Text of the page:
Circulating ANU staff emails have revealed the University’s plan to alter the existing semester teaching periods. The ANU administration has indicated a shift from thirteen-week teaching periods to twelve-week teaching periods, starting from February 2017.

For any ANU student who has made it through a semester, it is painfully evident that course content is rarely covered in the given thirteen weeks. Reducing the semesters to twelve teaching weeks seems a bold move, given the amount of pressure lecturers and tutors already face to cover necessary content.

ANUSA’s submission concerning the calendar change includes statements from each student faculty representative. From this submission it is clear that every academic college is strongly opposed to losing a week each semester, each faculty noting the difficulty all courses currently face to cover compulsory content.

The alternative model proposed by the University was cutting the mid-semester breaks to one week per semester. This model would follow seven weeks teaching period, one-week break and the remaining six teaching weeks.

ANUSA college representatives were also strongly opposed to this proposal, considering that many students come from outside of Canberra and Australia, with one week of holidays being an insufficient time for students to travel home and see their families. Moreover, many courses also have assessments due during the mid-semester break. A one-week break would not adequately provide students with a relief from study if assessments were throughout that whole week. Hence, each college representative raised the issue of mental health, arguing that a two-week break was necessary for students to relax and refresh.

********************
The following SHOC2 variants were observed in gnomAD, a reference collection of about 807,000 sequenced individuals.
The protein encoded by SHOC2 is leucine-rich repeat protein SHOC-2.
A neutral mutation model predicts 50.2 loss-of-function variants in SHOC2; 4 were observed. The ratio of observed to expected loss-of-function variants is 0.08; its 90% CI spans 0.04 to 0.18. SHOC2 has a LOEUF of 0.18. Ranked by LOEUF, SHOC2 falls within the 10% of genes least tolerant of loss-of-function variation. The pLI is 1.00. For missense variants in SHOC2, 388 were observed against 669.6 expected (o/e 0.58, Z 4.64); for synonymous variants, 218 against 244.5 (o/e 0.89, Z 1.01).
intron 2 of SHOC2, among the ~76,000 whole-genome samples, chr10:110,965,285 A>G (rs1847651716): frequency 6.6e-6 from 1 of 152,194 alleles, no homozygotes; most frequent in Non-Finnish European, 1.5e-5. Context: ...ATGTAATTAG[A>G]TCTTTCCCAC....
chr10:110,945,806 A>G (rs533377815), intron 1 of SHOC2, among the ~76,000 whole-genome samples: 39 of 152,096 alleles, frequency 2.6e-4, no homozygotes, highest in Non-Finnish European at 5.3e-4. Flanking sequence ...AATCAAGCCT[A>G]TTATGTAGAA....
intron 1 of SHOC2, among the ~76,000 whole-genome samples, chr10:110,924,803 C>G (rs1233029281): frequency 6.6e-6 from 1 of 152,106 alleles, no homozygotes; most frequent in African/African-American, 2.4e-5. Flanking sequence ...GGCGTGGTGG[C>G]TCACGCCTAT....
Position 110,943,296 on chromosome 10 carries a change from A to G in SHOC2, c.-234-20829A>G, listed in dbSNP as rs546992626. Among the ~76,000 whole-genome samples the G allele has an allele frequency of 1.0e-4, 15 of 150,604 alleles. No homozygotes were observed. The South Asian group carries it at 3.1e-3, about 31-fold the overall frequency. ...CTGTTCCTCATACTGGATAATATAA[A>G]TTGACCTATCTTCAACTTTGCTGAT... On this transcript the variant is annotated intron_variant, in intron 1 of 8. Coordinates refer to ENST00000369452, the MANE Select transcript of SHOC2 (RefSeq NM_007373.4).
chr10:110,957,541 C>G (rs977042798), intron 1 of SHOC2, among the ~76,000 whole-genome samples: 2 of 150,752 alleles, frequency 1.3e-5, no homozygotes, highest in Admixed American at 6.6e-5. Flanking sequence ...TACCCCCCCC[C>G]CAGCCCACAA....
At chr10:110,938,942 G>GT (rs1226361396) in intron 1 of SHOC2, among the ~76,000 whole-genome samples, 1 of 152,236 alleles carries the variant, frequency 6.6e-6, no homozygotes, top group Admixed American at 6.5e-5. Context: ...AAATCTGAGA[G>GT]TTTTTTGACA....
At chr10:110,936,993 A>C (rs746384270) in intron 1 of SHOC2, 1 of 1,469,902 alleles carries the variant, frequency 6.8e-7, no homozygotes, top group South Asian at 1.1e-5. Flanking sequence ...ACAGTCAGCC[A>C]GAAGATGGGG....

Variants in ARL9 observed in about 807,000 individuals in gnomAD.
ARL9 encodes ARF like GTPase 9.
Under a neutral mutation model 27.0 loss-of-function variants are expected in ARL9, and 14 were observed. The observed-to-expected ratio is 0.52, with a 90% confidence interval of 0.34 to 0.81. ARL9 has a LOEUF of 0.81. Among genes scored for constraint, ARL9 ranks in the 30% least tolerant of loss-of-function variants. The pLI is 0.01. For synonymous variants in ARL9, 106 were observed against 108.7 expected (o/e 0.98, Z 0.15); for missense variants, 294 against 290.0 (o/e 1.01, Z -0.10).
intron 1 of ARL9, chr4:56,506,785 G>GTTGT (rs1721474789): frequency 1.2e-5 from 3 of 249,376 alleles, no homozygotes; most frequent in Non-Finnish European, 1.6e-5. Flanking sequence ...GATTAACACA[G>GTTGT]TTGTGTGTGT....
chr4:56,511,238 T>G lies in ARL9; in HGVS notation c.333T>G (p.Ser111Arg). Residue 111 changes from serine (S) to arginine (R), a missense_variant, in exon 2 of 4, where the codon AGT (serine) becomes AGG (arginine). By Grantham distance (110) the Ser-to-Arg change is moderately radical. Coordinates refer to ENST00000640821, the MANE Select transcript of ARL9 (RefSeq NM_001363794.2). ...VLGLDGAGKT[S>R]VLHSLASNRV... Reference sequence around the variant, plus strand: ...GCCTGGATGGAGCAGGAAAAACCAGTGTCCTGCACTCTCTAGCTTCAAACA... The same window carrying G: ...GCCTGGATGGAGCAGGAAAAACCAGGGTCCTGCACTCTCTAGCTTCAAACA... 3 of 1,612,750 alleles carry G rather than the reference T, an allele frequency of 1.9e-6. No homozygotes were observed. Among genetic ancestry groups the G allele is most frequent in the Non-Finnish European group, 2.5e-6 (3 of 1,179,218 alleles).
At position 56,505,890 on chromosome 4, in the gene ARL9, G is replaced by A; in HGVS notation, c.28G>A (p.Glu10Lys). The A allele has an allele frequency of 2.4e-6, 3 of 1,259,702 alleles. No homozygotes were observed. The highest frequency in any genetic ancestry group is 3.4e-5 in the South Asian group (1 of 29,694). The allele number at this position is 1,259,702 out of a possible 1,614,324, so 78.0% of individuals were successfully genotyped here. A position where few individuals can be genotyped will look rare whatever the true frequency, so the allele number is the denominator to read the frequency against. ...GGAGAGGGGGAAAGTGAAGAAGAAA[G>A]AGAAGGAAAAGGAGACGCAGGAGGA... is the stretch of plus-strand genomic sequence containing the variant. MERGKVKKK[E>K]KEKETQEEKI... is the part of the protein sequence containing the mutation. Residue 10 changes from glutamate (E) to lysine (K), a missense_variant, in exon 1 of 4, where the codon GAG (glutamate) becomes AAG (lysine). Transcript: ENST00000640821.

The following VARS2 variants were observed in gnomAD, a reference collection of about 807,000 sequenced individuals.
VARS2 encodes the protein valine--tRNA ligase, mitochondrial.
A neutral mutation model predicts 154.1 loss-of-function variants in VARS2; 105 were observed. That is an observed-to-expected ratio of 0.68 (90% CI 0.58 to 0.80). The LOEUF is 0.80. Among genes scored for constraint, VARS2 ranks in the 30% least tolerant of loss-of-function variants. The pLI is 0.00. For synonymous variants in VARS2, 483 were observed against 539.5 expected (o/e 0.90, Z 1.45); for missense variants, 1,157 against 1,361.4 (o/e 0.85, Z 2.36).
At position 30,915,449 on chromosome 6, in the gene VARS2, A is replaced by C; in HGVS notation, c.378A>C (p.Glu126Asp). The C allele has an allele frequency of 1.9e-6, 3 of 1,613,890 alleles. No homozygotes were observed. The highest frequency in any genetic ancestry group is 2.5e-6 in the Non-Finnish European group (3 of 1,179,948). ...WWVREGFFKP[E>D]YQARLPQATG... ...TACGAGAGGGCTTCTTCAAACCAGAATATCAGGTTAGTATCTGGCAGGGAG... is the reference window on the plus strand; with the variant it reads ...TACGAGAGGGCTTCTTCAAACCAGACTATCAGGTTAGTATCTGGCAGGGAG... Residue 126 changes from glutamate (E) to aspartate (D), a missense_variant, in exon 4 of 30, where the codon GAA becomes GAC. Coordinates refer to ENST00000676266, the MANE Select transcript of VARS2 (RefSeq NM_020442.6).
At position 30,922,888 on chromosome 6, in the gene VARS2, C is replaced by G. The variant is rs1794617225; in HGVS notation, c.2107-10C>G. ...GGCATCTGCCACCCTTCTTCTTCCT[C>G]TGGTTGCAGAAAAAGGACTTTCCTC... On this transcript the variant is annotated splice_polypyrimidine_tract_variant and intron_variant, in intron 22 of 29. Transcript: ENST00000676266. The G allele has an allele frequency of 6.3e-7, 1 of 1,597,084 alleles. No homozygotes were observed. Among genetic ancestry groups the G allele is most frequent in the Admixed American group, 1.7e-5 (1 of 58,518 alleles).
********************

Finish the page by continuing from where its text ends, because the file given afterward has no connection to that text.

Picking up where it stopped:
From this point it has been decided that the University will go ahead with the proposal of six teaching weeks, two-week break, followed by six teaching weeks. This change is to bring ANU’s term date in line with other Australian universities, in order to better facilitate transfers, enrollment applications and to give interstate students greater time to settle in Canberra.

While this justification has some weight, it is questionable as to why students will still be paying the same course fees considering the loss of a teaching week. Students will be losing two teaching weeks a year and yet still be paying for them.

Although the University has indicated that the loss of a teaching week will not drastically affect students, with week-one being more content-heavy it seems students and lecturers will be under increased pressure to cover the vital material.

Accordingly, it is very possible that students will be getting less ‘bang for their buck’.